Wounded Workers: The Politics of Musculoskeletal Injuries

Description

255 pages
Contains Bibliography, Index
$19.95
ISBN 0-8020-7795-1
DDC 363.11

Author

Year

1998

Contributor

Reviewed by Dave Bennett

David Bennett is the national director of the Department of Workplace Health, Safety and Environment at the Canadian Labour Congress in Ottawa.

Review

Penney Kome has produced a wide-ranging and well-researched study of
musculoskeletal injury among workers in North America, an epidemic
little known to the general public. Musculoskeletal injury is injury to
the neck, shoulders, arms, and hands.

About a third of all occupational injuries are related to the design of
work, workstations, and work operations; if lower-back injury is
included, the figure rises to 50 percent. While keyboards are an
important factor, the chief culprits in this epidemic are design flaws
in manufacturing, processing, assembly, packaging, and transport, the
service sector included. The shift in the pattern of industrial disease,
which predominantly afflicts women workers, has been termed the Third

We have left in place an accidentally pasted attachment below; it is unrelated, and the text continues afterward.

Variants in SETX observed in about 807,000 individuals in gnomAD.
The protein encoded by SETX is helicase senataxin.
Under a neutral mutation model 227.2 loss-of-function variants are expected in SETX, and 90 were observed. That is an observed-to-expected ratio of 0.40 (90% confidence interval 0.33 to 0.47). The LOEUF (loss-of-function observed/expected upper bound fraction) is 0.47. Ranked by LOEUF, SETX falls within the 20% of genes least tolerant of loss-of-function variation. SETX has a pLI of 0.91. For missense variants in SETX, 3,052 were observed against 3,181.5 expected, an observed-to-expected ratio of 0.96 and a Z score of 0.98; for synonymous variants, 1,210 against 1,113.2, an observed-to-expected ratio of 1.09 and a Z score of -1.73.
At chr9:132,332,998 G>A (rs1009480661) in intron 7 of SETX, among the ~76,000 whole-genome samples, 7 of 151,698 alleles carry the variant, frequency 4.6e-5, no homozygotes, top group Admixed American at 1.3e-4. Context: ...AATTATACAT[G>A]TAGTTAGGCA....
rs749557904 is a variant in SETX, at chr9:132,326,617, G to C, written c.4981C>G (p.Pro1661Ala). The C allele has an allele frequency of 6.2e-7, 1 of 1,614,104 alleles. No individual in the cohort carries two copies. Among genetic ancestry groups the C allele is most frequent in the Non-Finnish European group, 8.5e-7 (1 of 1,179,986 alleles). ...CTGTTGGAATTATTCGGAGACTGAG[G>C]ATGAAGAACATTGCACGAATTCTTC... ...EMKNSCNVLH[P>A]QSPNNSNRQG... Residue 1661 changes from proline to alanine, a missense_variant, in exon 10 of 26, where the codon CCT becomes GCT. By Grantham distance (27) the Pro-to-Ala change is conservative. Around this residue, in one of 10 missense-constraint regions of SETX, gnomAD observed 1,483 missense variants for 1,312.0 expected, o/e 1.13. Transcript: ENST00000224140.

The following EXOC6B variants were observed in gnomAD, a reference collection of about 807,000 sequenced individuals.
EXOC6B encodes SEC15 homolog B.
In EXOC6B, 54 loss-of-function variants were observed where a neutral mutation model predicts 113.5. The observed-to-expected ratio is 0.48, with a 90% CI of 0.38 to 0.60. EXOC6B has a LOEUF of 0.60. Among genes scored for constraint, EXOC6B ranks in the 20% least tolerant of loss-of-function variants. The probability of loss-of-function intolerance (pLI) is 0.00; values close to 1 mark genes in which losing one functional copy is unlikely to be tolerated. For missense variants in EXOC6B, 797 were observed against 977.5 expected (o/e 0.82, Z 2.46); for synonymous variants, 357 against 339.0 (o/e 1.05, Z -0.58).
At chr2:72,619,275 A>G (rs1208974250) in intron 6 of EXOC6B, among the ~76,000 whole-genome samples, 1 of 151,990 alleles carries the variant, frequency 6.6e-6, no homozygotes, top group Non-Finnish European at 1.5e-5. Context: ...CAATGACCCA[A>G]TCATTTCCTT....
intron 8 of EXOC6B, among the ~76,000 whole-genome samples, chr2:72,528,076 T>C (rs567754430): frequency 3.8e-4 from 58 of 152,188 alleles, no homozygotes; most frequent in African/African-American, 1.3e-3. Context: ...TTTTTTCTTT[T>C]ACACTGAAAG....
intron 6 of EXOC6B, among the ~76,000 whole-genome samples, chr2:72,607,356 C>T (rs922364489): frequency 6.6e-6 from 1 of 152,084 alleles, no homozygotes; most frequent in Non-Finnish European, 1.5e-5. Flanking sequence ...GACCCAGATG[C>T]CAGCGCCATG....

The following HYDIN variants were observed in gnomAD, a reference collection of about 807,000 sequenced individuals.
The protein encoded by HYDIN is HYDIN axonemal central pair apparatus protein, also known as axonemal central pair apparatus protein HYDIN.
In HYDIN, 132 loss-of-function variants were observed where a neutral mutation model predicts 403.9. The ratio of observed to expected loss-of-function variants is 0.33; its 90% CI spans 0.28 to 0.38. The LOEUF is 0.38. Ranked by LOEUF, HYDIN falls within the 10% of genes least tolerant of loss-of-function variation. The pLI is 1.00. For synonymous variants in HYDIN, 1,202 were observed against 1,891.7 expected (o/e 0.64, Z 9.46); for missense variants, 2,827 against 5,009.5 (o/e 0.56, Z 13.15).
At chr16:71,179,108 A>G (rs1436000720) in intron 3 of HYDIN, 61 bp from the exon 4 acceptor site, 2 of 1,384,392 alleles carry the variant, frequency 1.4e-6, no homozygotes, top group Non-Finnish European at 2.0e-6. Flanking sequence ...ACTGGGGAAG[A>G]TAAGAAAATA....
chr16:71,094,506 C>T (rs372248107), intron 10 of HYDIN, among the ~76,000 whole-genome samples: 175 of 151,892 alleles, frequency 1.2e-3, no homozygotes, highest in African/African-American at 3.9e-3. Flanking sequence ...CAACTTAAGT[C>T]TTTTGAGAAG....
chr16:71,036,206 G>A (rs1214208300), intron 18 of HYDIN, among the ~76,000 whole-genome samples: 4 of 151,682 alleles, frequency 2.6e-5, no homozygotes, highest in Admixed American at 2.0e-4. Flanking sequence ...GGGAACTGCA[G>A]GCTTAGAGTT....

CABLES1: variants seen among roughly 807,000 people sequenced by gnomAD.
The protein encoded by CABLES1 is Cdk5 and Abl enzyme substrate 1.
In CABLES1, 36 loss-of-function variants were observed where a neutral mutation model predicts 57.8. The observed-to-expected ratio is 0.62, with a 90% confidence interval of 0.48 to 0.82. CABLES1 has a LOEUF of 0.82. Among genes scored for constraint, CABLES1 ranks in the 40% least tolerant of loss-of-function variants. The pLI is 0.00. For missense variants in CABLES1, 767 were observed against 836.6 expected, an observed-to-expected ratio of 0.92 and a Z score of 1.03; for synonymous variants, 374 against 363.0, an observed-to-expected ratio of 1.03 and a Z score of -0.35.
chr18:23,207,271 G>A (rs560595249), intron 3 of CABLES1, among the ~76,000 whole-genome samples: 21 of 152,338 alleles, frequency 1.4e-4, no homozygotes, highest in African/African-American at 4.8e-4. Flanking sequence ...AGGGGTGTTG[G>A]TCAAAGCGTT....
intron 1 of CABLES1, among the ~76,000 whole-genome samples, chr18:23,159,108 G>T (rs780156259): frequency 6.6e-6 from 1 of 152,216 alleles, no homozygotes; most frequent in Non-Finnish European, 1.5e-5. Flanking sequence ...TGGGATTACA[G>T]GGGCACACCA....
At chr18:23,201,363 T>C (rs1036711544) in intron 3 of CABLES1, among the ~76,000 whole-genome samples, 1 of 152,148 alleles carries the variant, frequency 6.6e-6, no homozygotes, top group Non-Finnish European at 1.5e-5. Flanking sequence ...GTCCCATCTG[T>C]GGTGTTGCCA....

Industrial Revolution.

Kome focuses on the work of trade unions, the role of government with
respect to prevention, the compensation system, the role of social
activism, and individual solutions. Her account is comprehensive but not
without some serious mistakes. For example, she states that Canada,
unlike the United States, has no federal jurisdiction or authority over
health and safety. Not so: the federal jurisdiction is in fact the
fourth largest in the country.

Elsewhere Kome demands that risk assessment, a technique for evaluating
workplace hazards, be applied to musculoskeletal injuries. The trouble
is that risk assessment is a conservative technique that attacks
problems only at the margins. So pervasive is the technique that it has
been enshrined in global free-trade agreements, making it virtually
impossible for governments to pursue precautionary policies relating to
a wide range of environmental health issues. Applying an abstract
technique like risk assessment to job design would not even identify the
problems, much less quantify them. Fortunately, the author gives us
plenty of other constructive and effective approaches to workplace
solutions.

Citation

Kome, Penney., “Wounded Workers: The Politics of Musculoskeletal Injuries,” Canadian Book Review Annual Online, accessed February 28, 2024, https://cbra.library.utoronto.ca/items/show/3526.